“And set a watcher upon her, great and strong Argos, who with four eyes looks every way. And the goddess stirred in him unwearying strength: sleep never fell upon his eyes; but he kept sure watch always.”
[Attributed to Hesiod – from a fragment of an ancient poem entitled “Aigimios”]
ARGOS is a seamless global surveillance system designed to catalog environmental threats and identify issues of non-compliance towards Agenda 21. The ARGOS website describes it as “A Worldwide Tracking and Environmental Monitoring” system. ARGOS, is described by NASA as “the all-seeing 100 eyed giant in Greek mythology“. Sounds good if your allegience is to the United Nations, or GAIA, the earth “goddess” and mother of Argos Panopetes – a.k.a. “The Watcher”.
Have you ever noticed that men reserve the strongest names for lofty peaks, desolate places, and imposing weapons systems? In Greece the highest mountains are all named after various Greek idols. Mt. Olympus is regarded as the dwelling place of the most powerful deities.
Mt. Fuji in Japan is considered, by some, to be the dwelling place of the goddess Sengen-sama. In Tibet, Mt. Kailash is said to be the home of the Hindu deity Shiva. Mt. Kailash is held sacred by no less than four different religions.
Mt. Shasta is the largest volcano by volume in the Cascade range. Shasta is considered a sacred mountain by the Wintu tribe as well as by an eclectic collection of modern New Age devotees who make forays to plant crystals on the mountain’s flanks. In California’s Sierra Nevada range, Scylla, Charybdis, Gemini, the Sphinx, Dragon Peak, and Thor are well known climbing destinations. Numerous other Sierra peaks are named for the forces of nature such as Thunderbolt and Lightning, or after the great scientists and thinkers spawned by the “Age of Enlightenment”, men such as Darwin, Mendel, Huxley and Goethe.
The planets in our solar system are also all named after the ancient Greek or Roman “gods”, as were mankind’s attempts to reach the stars, i.e. the Mercury, Gemini, and the Apollo space programs. The Saturn V rocket is still considered one of the most powerful propulsion systems ever built.
Which leads us to ARGOS [Argus, Arges], “The Watcher”, the ancient multi-eyed Greek deity. In Greek mythology, Argos was the son of the “goddess” Gaia. He was appointed guardian of Io, and was eventually slain by the “god” Hermes at Zeus’s command. But with the help of Gaia’s magical powers, the immortal Argos was transformed into a celestial peacock.
Argos consorted with Electra, the “goddess” from which we derive our term for electricity. Argos never sleeps, always keeping at least some of his multiple eyes open. Argos sees all and remembers all, which makes ARGOS a fitting name for the joint US/French/EU program that provides satellite video surveillance over the entire earth at nearly two billion pixel resolution.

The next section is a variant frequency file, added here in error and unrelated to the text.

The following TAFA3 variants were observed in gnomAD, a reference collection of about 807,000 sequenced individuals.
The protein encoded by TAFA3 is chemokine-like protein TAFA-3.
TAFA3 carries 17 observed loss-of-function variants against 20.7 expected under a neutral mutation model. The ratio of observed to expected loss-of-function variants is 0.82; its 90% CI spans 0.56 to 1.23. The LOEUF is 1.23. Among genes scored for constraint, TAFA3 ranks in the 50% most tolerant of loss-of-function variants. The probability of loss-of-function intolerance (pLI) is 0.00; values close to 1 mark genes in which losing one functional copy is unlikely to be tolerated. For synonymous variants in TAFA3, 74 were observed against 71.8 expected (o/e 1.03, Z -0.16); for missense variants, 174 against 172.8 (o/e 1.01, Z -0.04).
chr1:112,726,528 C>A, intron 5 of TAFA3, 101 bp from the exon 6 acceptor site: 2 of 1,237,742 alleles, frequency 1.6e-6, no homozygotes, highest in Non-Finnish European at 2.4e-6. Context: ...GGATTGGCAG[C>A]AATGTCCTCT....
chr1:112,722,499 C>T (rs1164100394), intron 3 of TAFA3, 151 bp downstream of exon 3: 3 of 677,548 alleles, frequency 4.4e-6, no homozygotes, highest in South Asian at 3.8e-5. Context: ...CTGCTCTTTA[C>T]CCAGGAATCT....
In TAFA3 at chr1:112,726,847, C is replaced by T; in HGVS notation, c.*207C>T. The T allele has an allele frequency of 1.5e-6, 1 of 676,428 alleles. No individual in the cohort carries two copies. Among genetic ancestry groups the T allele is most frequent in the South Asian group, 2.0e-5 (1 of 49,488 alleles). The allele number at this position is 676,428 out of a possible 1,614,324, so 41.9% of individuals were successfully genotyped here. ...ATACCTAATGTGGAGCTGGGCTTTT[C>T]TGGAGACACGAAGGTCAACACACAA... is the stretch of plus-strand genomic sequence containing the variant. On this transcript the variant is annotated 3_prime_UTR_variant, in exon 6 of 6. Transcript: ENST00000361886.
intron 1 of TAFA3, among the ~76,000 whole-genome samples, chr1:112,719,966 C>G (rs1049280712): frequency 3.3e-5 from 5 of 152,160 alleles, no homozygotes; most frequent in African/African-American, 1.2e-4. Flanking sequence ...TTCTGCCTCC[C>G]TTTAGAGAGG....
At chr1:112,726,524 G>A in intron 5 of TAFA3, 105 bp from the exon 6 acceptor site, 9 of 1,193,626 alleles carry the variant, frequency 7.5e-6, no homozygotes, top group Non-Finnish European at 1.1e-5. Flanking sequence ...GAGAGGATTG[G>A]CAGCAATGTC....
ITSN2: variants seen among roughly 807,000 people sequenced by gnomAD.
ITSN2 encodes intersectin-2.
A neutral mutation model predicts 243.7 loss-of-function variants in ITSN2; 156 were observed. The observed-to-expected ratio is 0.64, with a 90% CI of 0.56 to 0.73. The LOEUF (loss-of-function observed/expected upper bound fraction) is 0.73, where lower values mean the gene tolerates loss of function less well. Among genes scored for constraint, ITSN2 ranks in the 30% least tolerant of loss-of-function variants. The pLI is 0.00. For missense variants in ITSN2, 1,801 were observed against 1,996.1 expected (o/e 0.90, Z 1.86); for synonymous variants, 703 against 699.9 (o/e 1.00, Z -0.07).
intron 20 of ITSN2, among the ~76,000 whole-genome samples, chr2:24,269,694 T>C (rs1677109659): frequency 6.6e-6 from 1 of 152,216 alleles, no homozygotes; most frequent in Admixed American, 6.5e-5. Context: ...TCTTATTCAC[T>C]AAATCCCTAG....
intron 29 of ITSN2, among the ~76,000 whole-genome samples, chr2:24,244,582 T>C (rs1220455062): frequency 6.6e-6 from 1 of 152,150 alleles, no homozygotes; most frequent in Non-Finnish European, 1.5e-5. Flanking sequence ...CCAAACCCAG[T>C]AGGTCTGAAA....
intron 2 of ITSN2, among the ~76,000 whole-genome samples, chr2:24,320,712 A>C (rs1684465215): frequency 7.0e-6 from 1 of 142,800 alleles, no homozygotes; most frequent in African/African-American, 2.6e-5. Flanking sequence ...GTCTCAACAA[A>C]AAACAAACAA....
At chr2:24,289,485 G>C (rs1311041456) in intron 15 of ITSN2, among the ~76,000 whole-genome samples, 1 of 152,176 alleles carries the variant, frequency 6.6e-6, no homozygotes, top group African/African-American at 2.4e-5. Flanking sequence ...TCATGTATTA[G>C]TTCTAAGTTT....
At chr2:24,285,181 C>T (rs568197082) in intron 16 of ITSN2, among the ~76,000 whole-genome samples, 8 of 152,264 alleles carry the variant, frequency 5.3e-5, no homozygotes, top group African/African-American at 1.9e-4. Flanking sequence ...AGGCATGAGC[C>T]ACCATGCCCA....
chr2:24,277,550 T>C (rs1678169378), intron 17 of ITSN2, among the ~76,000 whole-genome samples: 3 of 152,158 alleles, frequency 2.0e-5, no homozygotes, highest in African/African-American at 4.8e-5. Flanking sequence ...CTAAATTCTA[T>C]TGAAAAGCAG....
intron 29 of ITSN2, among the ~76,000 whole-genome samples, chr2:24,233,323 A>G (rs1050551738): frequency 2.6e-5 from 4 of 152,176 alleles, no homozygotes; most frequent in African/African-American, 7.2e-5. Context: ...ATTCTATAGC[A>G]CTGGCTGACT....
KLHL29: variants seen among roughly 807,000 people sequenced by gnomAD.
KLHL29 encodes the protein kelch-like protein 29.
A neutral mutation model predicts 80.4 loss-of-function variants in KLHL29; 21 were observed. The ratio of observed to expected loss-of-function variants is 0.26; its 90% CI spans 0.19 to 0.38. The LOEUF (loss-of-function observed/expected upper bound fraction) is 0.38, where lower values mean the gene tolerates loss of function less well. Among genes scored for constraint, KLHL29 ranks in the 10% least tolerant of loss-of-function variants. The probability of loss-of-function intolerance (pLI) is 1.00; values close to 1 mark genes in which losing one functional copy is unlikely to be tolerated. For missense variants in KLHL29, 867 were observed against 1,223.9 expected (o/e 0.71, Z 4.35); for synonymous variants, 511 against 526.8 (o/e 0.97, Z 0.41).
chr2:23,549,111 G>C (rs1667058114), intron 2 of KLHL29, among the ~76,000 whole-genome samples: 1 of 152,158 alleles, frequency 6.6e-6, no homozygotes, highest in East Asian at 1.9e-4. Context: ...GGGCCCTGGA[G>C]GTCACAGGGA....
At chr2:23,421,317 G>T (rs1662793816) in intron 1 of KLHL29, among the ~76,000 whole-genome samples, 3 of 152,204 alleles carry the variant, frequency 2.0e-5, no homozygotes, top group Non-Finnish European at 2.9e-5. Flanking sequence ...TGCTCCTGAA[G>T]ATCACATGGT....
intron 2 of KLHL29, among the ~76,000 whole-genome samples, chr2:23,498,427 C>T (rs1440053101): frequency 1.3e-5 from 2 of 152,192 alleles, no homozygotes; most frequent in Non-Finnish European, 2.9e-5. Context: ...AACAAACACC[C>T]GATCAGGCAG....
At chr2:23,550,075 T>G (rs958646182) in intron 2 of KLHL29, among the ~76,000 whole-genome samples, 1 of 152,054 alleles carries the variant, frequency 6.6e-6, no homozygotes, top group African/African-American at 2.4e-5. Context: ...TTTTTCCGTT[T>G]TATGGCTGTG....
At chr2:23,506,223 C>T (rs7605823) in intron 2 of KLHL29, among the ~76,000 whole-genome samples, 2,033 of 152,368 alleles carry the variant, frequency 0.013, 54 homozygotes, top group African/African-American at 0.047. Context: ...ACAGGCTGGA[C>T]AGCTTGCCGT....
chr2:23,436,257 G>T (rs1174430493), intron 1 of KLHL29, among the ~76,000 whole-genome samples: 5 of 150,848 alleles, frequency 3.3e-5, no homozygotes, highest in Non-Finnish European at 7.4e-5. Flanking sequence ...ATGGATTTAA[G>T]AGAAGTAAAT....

Not only does the ARGOS system see everything that happens on the surface of the planet down to 6″, but it also records everything that it sees. An ARGOS user can go back in time and focus in on what happened days or weeks previously.
“The danger we face in the United States today is that if a particular ideology were to ever gain predominance, a totalitarian state would not be difficult to impose.” [Michael Kleen – What is Totalitarianism?]
the Endangered Species Act, or any uses designed to monitor climate change, any uses that track and record species movement and animal migration, or any application that monitors threats to global security. In other words, ARGOS monitors compliance with national, international and multi-national laws, mandates, norms, and/or expectations. All military uses remain classified, of course.
From the NOAA website:
The Argos Data Collection and location System (DCS) is a data collection and relay program that provides global coverage and platform location. The Argos program is administered under a joint agreement between the National Oceanic and Atmospheric Administration (NOAA) and the French Space Agency, Centre National d’Etudes Spatiales (CNES). Additional partners include EUMETSAT and ISRO.
The system consists of in-situ data collection platforms equipped with sensors and transmitters and the Argos instrument aboard polar-orbiting satellites. The global environmental data sets are collected at telemetry ground stations in Fairbanks, Alaska; Wallops Island, Virginia; and Svalbard, Norway; and pre-processed by the National Environmental Satellite, Data, and Information Service (NESDIS) in Suitland, Maryland. Two CNES subsidiary companies, Collecte Localisation Satellites (CLS) in Toulouse, France and CLS America in Lanham, Maryland process the data and deliver it to the end user.
Flying the Argos system aboard polar-orbiting satellites provides worldwide coverage. Additionally, incorporating the Argos instrument on a moving satellite allows for locating an in-situ platform using Doppler shift calculations. This positioning capability permits a wide variety of applications such as monitoring drifting ocean buoys and studying WILDLIFE MIGRATION PATHS.
There are currently more than 21,000 active Argos platforms collecting data for over 1,900 distinct projects in 115 countries. Notably, U.S. applications account for ~65% of total system use, on average; and there are 45 distinct projects being managed by various NOAA offices.
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